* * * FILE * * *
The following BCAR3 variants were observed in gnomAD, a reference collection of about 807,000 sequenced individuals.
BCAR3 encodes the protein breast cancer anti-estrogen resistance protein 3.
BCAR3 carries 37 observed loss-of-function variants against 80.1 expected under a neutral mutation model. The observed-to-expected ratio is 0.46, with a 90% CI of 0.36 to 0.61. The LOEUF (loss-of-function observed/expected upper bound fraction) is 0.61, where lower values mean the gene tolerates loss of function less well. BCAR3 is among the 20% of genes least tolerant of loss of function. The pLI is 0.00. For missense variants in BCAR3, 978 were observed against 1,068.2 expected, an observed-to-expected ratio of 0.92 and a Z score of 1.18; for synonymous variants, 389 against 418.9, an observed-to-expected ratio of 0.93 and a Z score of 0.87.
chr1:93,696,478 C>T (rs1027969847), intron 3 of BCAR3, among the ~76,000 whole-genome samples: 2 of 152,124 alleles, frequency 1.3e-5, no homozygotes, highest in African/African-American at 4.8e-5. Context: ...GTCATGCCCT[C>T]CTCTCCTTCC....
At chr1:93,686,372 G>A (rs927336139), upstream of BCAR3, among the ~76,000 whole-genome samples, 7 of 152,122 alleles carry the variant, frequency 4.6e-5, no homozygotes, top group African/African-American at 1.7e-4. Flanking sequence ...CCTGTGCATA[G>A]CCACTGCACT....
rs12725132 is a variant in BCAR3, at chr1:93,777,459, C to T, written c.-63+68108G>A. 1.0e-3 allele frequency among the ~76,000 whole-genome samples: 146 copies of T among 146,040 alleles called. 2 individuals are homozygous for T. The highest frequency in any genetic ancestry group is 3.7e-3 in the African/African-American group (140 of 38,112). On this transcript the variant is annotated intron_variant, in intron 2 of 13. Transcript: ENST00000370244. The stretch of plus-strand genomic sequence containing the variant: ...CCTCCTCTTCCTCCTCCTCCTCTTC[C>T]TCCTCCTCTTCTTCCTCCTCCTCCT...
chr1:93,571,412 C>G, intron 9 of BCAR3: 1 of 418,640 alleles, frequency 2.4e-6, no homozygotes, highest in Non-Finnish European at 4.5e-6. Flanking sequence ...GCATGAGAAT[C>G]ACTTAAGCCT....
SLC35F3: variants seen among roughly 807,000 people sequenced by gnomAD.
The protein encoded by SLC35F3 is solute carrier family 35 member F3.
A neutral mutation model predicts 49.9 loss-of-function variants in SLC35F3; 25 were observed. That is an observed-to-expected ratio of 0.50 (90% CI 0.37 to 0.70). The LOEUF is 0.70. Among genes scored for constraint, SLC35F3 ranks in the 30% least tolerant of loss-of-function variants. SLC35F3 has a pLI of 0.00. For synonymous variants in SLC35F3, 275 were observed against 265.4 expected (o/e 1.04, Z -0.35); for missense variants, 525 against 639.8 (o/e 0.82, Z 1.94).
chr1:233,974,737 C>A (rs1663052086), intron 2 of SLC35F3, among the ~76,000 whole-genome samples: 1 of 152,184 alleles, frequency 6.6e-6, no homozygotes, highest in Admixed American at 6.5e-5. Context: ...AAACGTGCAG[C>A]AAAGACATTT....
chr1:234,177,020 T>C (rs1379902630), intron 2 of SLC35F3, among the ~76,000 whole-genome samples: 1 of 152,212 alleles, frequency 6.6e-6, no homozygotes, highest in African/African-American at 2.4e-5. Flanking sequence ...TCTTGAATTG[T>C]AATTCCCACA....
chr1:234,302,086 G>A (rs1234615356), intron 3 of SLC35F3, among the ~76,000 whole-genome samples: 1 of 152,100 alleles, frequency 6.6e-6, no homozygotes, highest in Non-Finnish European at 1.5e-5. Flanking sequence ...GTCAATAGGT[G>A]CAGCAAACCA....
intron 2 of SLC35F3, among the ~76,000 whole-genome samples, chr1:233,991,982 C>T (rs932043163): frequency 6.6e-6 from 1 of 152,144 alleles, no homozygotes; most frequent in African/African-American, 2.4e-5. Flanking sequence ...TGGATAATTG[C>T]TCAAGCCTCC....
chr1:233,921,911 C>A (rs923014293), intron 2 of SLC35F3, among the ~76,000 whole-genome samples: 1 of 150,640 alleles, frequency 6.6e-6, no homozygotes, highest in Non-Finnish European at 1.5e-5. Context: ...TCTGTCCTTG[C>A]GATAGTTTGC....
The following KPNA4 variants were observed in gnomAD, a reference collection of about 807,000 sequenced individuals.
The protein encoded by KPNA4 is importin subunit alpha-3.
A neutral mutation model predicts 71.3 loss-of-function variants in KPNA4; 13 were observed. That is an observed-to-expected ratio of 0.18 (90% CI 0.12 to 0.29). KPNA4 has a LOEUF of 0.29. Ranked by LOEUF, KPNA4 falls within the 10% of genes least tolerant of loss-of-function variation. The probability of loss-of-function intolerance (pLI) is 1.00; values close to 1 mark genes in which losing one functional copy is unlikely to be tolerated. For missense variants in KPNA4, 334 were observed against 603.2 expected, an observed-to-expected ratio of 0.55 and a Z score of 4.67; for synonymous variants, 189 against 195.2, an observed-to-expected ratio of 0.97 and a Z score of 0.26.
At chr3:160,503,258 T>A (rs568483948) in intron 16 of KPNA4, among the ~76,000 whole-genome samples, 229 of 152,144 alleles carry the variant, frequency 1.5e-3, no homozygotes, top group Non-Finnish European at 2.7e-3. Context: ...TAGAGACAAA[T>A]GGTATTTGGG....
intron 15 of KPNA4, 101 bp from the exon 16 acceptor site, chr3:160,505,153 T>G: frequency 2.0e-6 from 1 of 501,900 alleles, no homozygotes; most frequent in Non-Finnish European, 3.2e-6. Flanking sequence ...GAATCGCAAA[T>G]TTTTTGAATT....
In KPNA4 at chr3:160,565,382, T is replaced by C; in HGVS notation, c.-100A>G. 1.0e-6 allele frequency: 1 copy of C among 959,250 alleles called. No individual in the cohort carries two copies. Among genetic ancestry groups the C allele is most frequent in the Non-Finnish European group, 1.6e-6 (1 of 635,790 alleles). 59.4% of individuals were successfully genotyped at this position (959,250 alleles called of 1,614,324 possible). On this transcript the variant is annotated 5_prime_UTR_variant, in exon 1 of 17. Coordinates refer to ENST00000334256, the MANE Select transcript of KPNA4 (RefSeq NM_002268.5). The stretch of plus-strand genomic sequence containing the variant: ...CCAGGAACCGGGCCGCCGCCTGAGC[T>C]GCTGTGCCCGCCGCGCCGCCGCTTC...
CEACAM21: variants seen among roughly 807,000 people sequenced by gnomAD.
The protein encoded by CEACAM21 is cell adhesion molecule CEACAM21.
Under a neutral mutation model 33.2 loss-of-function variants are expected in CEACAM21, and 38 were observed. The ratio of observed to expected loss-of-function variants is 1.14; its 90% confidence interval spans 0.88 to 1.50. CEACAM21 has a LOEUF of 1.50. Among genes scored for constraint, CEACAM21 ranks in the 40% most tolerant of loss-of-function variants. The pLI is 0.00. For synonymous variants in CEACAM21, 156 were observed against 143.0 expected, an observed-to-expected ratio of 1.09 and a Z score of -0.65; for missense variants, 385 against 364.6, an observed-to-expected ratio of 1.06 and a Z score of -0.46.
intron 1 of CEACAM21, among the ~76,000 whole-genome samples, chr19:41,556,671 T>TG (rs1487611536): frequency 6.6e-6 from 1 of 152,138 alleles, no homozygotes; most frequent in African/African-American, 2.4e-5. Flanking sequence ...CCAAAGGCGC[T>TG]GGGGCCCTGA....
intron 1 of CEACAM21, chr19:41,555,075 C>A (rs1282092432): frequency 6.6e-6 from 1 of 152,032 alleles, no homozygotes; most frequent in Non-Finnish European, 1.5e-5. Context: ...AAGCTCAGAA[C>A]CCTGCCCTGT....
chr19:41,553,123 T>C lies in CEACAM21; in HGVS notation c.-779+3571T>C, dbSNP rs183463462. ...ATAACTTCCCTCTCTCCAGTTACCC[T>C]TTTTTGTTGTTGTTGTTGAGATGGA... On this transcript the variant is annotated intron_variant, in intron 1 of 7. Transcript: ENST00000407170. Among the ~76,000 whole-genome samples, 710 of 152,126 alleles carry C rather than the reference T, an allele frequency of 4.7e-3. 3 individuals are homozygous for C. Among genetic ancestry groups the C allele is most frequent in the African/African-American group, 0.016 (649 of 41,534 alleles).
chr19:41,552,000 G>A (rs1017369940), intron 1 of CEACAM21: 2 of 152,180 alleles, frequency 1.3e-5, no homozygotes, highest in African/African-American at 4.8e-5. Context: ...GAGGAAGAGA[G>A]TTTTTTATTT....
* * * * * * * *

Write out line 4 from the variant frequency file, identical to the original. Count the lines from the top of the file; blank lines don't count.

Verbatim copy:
chr1:93,696,478 C>T (rs1027969847), intron 3 of BCAR3, among the ~76,000 whole-genome samples: 2 of 152,124 alleles, frequency 1.3e-5, no homozygotes, highest in African/African-American at 4.8e-5. Context: ...GTCATGCCCT[C>T]CTCTCCTTCC....